Chinguetti. Ouadane. Tichitt. Oualata. Although they may lack the cachet of that most famous of caravan towns, Timbuktu (only 45 days from Chinguetti by camel), these four outposts deep in the Mauritanian Sahara are no less historical. Situated in a loose arc across Mauritania, they sit at the very fringes of human habitation in the country, pinprick outposts overlooking the plains of rocky desert and shifting erg dune seas beyond.
Known as ksour, these fortified villages derive their name from the Latin castrum – castle – and their high stone walls and narrow pedestrian alleyways more than look the part. Founded in the 11th and 12th centuries, each was once an important caravan town for the trans-Saharan trade, hosting camel trains more than 1,000 animals long ferrying salt, gold and slaves across the great desert. Though today wheels typically outrank hooves, it’s still possible to spot camel trains hauling massive, hand-hewn blocks of salt, particularly in Tichitt, the remotest of the four towns.
The four ksour were also hubs of Islamic scholarship, and served as the last outposts for pilgrims setting off towards Mecca on hajj. Though would-be hajis today instead head for Nouakchott airport, this rich Islamic heritage lives on in the centuries-old manuscripts kept in private libraries here; the leather-bound texts have been preserved by the bone-dry desert air, yet remain fragile – not unlike the towns themselves.
Indeed, these once-bustling centres of desert life today cut something of a forlorn figure, far from modern trade routes, with many of the traditional buildings having collapsed and dunes lapping at the edges of town. The largest of the ksour, Chinguetti, once boasted more than 20,000 residents, but today is home to fewer than 3,500. This still makes it the biggest, though, as Ouadane, Tichitt, and Oualata count fewer than 1,500 hardy souls each. Partly in response to their risk of being abandoned – or literally vanishing under the encroaching sands – the ksour were inscribed as UNESCO sites in 1996.
Chinguetti in particular retains an outsized importance in the Mauritanian psyche (and tourism industry) that belies its much-diminished size. The city’s 5-pointed minaret, famously topped with clay ostrich eggs symbolising purity and fertility, remains Mauritania’s most iconic symbol, and Chinguetti is often said to be the 7th-holiest city in Islam (although no one seems to know which is the 6th). The squat stone minaret in Ouadane is similarly crowned, and these unusual ovoid embellishments serve as an elegant reminder of how the desert both connects and divides: ostrich eggs also adorn some of the famed earthen mosques along the Niger River, over 1,100km away.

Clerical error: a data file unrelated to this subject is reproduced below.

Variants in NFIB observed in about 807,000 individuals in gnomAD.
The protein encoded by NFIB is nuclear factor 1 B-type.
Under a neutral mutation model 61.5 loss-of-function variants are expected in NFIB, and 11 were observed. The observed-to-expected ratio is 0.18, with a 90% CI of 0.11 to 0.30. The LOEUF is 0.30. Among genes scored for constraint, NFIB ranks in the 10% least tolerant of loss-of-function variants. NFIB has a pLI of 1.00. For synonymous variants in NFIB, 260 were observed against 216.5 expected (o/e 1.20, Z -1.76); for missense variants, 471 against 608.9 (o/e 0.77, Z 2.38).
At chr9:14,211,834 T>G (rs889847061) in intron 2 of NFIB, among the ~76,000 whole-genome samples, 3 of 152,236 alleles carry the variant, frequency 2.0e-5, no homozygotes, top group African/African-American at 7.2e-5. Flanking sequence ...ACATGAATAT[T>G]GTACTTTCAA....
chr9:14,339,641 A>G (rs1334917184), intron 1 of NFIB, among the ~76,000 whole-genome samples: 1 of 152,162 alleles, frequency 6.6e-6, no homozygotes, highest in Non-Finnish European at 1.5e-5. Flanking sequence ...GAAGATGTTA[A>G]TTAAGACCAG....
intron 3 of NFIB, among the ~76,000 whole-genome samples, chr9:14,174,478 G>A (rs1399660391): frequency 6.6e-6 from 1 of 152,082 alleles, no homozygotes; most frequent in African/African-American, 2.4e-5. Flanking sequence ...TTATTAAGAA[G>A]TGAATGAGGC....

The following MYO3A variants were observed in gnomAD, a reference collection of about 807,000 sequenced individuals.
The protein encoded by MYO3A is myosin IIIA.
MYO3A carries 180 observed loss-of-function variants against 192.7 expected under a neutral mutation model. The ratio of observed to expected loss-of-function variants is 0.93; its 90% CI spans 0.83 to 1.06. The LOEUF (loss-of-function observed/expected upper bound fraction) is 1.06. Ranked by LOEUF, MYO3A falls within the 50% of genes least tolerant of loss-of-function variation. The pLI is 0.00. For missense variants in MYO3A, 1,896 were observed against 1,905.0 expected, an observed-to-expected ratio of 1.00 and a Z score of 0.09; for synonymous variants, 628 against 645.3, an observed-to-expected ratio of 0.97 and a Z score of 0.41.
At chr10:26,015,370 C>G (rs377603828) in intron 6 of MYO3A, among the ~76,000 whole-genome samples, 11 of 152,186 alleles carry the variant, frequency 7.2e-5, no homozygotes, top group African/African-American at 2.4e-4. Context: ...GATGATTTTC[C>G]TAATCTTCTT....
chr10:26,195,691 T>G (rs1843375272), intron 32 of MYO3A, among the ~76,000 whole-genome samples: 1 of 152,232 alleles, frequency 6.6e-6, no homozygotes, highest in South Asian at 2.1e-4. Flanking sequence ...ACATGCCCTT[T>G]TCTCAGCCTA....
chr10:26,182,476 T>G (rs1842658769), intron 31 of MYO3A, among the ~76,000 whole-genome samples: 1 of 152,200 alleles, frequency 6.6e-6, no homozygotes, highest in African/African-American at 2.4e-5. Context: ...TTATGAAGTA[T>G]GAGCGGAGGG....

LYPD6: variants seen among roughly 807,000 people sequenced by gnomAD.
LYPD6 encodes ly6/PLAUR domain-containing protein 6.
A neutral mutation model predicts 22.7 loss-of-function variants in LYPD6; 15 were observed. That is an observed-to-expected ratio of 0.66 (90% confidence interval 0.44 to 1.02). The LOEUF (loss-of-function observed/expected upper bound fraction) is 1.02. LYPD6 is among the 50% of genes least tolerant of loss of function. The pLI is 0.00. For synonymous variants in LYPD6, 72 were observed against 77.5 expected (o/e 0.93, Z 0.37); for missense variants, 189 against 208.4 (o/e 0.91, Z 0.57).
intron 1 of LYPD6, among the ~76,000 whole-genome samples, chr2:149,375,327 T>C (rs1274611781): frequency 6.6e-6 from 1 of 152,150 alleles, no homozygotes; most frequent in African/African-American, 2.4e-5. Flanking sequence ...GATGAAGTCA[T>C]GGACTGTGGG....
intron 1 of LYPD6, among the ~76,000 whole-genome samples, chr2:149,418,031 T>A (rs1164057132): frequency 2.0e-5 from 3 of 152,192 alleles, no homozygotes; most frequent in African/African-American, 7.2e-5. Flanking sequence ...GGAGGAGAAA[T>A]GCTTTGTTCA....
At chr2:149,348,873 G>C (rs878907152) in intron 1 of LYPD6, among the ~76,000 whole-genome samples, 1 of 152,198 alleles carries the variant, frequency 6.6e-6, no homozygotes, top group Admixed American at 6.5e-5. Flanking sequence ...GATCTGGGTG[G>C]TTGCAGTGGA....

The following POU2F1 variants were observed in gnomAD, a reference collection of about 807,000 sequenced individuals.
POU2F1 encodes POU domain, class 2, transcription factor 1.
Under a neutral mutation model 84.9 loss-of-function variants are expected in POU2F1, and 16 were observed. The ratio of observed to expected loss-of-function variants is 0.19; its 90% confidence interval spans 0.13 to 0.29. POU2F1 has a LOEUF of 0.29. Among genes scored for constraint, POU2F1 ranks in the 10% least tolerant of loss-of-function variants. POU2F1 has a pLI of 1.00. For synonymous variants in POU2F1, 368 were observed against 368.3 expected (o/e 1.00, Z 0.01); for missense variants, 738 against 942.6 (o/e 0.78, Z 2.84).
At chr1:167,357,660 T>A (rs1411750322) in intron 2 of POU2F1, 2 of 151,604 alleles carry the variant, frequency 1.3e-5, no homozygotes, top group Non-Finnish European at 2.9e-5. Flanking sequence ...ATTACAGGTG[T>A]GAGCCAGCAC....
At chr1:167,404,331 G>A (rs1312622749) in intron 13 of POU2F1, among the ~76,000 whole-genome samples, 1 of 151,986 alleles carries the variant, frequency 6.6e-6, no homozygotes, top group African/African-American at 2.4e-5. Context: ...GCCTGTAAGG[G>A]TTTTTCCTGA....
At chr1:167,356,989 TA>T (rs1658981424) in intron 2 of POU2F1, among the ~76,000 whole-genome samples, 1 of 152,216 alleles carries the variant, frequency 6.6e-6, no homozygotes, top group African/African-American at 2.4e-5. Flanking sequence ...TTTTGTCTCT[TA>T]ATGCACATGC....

Though part of the same UNESCO site, the ksour are geographically distant, and it’s a rare traveller who manages to visit them all. Chinguetti and Ouadane sit on the Adrar Plateau, a broad, rocky highland cut through by gorges and wadis that shelter a small archipelago of green oases and orchards. They are readily accessible from the nearby modern city of Atar, or delightfully, you can still spend a week travelling between the two by camel.
Tichitt and Oualata sit far to the south-east, along an 800km escarpment fringing the Aoukar Depression, where along with the two ksour, the stone remains of hundreds of prehistoric villages dot the cliffs. Uniquely among the ksour, Oualata’s buildings are plastered in banco mud and decorated with striking red-and-white bas-reliefs. Getting to either is no easy task, however, and barely a handful of tourists reach either village every year.
But whichever village you choose, the homes and families of the ksour have hosted travellers for centuries, and you’ll be greeted with a heartfelt ‘bismillah’ – welcome.
Location: All four ksour are in central-eastern Mauritania, 500–1,000km inland from coastal capital, Nouakchott.
Getting there: From the UK, connect to Nouakchott daily via Paris (Air France) or Casablanca (RAM), or twice-weekly via Gran Canaria (Binter Canarias & Mauritanian Airlines). Connections from London take around 9–12 hours; from £55 return. Weekly (Dec-Mar) charter flights between Paris and regional capital Atar with Pointe Afrique are most convenient.
Getting around: The ksour are remote, and public transport challenging. A good tour agency (and vehicle) can therefore be key. Native Eye and Lupine Travel run scheduled trips, and Time 4 Mauritania arranges custom itineraries.
When to go: Nov-Mar is best, with highs around 30–35° and cool nights – other times can be truly scorching.
Accommodation: There’s at least one guesthouse with basic rooms (under £20) and meals (£5) in each ksour, but many opt to sleep out under the stars, either on the roof or in a khaïma tent.
Further info: Mauritania (Bradt Travel Guide; forthcoming) by Sean Connolly, the author of this article.
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